Coffee Plantations in Brazil
Coffee workers are transported to a plantation in Santo Antônio do Amparo, Minas Gerais, in July 2015. Photograph: Lilo Clareto/DanWatch
Nestlé and Jacobs Douwe Egberts say beans from Brazilian plantations using slave labour may have ended up in their coffee
Two of the world’s biggest coffee companies, Nestlé and Jacobs Douwe Egberts, admit that beans from Brazilian plantations using slave labour may have ended up in their coffee because they do not know the names of all the plantations that supply them.
People trafficked to work for little or no pay, and forced to live on rubbish heaps and drink water alongside animals, may have worked on plantations that supply the two companies, according to the media and research centre DanWatch.
The Denmark-based group claims that human rights abuses are rampant across Brazil’s lucrative coffee industry, with hundreds of workers rescued from slavery-like conditions every year.
Brazil is the world’s largest exporter of coffee (pdf), accounting for about one-third of the global market. Yet workers often face debt bondage, non-existent work contracts, exposure to deadly pesticides, lack of protective equipment, and accommodation without doors, mattresses or drinking water, the DanWatch report says. Such working conditions contravene Brazilian and international law, as well as the ethical codes Nestlé and Jacobs Douwe Egberts require from their suppliers.
Neither Nestlé nor Jacobs Douwe Egberts, which together account for 39% of the global coffee market, know the names of all the plantations that grow their coffee as they also buy beans from middlemen and exporters in a muddled supply chain, claims DanWatch.
As a result, both companies – whose brands include Nescafé, Nespresso, Dolce Gusto, Coffee-mate and Senseo – admit that while they do not buy beans directly from “blacklisted” plantations where human rights abuses are known to take place, they cannot rule out that slavery-like conditions may exist in their supply chain. Nestlé and Jacobs Douwe Egberts told the Guardian they took DanWatch’s allegations seriously and were “very concerned” by the findings.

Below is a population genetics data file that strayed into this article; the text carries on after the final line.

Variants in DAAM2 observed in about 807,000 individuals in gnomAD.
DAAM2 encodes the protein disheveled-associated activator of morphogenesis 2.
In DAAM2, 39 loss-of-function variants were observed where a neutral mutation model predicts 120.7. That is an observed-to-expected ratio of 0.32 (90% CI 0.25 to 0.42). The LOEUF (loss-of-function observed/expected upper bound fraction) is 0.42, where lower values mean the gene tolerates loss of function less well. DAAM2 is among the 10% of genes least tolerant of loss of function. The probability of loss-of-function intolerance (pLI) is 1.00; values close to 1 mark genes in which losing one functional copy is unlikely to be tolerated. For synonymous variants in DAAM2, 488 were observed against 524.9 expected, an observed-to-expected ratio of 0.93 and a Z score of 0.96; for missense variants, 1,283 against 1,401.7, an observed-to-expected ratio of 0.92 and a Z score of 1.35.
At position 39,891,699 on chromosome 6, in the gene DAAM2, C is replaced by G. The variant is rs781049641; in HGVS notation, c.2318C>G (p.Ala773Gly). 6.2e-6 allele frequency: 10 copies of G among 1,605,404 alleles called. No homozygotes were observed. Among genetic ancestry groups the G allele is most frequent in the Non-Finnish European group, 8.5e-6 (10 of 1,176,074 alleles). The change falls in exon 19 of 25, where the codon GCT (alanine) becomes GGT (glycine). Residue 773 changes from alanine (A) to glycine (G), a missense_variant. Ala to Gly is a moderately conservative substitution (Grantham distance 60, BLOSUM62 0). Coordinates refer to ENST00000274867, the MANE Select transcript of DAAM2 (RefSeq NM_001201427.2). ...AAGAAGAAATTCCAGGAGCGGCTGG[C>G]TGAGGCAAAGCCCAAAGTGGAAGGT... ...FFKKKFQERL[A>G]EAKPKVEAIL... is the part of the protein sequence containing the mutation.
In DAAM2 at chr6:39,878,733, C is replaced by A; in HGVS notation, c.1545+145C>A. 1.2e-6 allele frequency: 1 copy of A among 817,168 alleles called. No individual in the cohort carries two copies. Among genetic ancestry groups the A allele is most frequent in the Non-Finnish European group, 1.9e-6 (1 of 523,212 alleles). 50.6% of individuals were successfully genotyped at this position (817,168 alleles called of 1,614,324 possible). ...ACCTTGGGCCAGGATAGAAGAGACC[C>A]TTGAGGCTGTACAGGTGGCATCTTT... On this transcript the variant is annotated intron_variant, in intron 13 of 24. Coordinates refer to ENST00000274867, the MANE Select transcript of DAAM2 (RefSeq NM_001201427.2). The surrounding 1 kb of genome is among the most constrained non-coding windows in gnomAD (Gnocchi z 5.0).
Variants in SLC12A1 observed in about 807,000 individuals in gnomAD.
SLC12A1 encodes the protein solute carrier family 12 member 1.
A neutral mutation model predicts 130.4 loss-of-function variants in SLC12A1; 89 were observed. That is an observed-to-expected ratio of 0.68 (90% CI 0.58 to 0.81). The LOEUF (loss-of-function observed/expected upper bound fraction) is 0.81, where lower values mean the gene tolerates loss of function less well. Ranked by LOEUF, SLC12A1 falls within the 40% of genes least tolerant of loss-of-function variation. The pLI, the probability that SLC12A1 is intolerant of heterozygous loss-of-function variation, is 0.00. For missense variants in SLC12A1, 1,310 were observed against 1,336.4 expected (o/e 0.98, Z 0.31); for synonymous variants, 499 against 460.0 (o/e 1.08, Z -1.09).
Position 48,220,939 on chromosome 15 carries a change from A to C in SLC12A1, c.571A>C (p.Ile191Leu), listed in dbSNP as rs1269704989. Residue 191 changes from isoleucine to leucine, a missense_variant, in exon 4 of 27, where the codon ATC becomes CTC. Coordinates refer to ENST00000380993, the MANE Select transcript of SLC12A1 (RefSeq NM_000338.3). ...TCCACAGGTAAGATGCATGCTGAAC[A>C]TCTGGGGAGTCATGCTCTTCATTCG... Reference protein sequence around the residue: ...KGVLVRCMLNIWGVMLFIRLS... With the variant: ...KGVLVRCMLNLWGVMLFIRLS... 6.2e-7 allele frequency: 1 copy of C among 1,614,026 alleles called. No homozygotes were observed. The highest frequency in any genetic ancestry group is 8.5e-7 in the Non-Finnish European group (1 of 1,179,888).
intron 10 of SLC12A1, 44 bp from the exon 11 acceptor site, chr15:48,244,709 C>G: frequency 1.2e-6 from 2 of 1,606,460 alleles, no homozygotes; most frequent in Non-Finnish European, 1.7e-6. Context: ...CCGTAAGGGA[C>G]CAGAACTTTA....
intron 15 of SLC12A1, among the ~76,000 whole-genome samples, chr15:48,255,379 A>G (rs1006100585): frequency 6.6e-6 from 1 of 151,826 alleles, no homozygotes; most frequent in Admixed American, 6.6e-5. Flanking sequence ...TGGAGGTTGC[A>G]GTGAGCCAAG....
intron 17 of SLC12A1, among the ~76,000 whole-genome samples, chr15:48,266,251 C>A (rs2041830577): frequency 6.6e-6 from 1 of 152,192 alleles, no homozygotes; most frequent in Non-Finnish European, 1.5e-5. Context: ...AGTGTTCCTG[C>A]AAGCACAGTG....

DanWatch spent seven months investigating the industry, speaking to farmers, experts and trade unions, inspecting plantations with Brazilian authorities, and tracing beans through a complicated supply chain from plantation to middleman to world market.
Nestlé confirmed to DanWatch that it bought coffee from two plantations where workers were rescued from forced labour by Brazilian authorities last summer, and that it has suspended deliveries pending a Brazilian investigation into the matter.
Both Nestlé (pdf) and Jacobs Douwe Egberts (pdf) have ethical codes to protect the human rights of their workers and ban suppliers from using child or forced labour. Under Nestlé guidelines, workers must have access to drinking water and a healthy working environment.
Nestlé said: “We do not tolerate violations of labour rights and have strongly maintained that forced labour has no place in our supply chain. Unfortunately, forced labour is an endemic problem in Brazil and no company sourcing coffee and other ingredients from the country can fully guarantee that it has completely removed forced labour practices or human rights abuses from its supply chain.”